No age discrimination occurred when an employer didn’t promote a 74-year-old employee who had failed a mandatory subjective test, the 7th Circuit recently ruled. The court said the employee failed to show objective evidence of discrimination other than that the test scorers knew his age. Therefore, it ruled in the employer’s favor.
Romuald Tyburski, then 74 years old, applied for a promotion with the Chicago Department of Water Manage-ment. As part of the application process, he was required to pass a three-part examination (two parts written and one oral). He passed the written parts but failed the oral exam after receiving a score of 42% when 60% was required to pass. Therefore, he wasn’t promoted.
Two chief operating engineers conducted and scored Ty-burski’s oral exam. There were five questions, and each had a possible score of five points. The scorers multi-plied the scores by four to obtain a possible total score of 100%. They used the city’s HR standard exam questions, answers, and scoring rubric to grade the exam.
Tyburski sued the city, alleging failure-to-promote, and hostile work environment claims under the Age Discrimination in Employment Act (ADEA). His main assertion under the failure-to-promote claim was that the city improperly scored his oral exam since it was subjective and therefore used the failing grade as a pretext (or cover-up for illegal discrimination) to deny him the promotion. The district court dismissed the case, and he appealed.
7th Circuit’s Ruling
The 7th Circuit recited the elements an employee must prove to succeed on an ADEA claim. First, he must be 40 years of age or older, and second, “but for” his age, he would have been promoted. One method the employee may use to defeat a request to dismiss his discrimination claim is to show:
- He is a member of a protected class;
- He was meeting the employer’s legitimate expectations;
- He suffered an adverse employment action; and
- Similarly situated employees who weren’t members of his protected class were treated more favorably.
In determining whether the city’s proffered reason for not promoting Tyburski was a cover-up for bias, the 7th Circuit considered whether it improperly scored his oral exam and used the failing grade as a pretext to deny the promotion. First, the appellate court said employers are permitted to set the necessary qualifications for a position, and courts don’t tell them what the requirements must be. Therefore, there was nothing inherently dis-criminatory in requiring the janitor to pass an oral exam with specific requirements to be promoted.
Next, the 7th Circuit looked at the exam’s subjectivity. The city’s scorers used a standard rubric to evaluate candidates, which had bullet points and potential components to answer each question correctly. The appellate court acknowledged some subjectivity in the process but noted subjective criteria alone don’t suffice as evidence of pretext. Tyburski had to point to some objective evidence indicating the subjective evaluation was a mask for discrimination, but the court said he failed to do so.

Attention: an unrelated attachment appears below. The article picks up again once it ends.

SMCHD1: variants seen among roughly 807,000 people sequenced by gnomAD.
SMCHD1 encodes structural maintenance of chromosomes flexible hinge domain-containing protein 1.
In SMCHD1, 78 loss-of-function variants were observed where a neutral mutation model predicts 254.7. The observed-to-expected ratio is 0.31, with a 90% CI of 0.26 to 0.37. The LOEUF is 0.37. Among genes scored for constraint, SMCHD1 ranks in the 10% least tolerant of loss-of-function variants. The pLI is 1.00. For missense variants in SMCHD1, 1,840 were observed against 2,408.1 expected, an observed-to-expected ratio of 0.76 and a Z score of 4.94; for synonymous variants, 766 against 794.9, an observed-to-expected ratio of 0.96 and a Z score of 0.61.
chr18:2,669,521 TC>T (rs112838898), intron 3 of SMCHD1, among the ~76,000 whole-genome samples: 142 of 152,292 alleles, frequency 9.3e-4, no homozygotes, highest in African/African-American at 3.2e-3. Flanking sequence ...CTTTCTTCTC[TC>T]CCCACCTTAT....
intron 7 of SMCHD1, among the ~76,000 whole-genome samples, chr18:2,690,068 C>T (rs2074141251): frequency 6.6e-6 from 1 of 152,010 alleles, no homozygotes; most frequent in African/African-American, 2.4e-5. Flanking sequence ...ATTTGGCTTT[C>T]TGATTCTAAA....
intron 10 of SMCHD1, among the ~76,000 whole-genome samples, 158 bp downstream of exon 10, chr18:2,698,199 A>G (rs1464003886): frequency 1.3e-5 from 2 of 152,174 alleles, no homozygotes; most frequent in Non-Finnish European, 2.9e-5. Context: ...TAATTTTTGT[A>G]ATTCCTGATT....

Finally, the 7th Circuit noted Tyburski presented no evidence his age, rather than the quality of his answers, motivated the interviewers to fail him. Specifically, there was no evidence of pretext to explain the grading. To show pretext, he had to do more than simply allege the city’s stated reasons were inaccurate. He needed to have proof to support an inference there was an improper motivation proscribed by law.
Tyburski pointed to no evidence other than that the scorers knew his age. As a result, the 7th Circuit agreed with the trial court and ruled in the city’s favor. Tyburski v. City of Chicago, No. 18-3000 (7th Cir., July 1, 2020).
The 7th Circuit’s ruling contains important reminders for employers. First, be certain to have stated qualifications for each job category and adhere to them. Courts won’t tell you what the requirements should be, but be sure they aren’t discriminatory in nature.
Second, nothing is inherently wrong with having subjective tests to decide which employees to promote. If you do so, however, be certain the scorers have a standard rubric to follow and help guide their scoring. The rubric provides some basis for why the scores turned out as they did. Moreover, using multiple scorers and aver-aging their scores, as the city did here, avoids the argument one person was acting discriminatorily.
This article, slightly modified to note recent updates, was featured in the October issue of the Great Lakes Employment Law Letter and published by BLR®—Business & Legal Resources. Reproduced here with the permission of BLR®—Business & Legal Resources.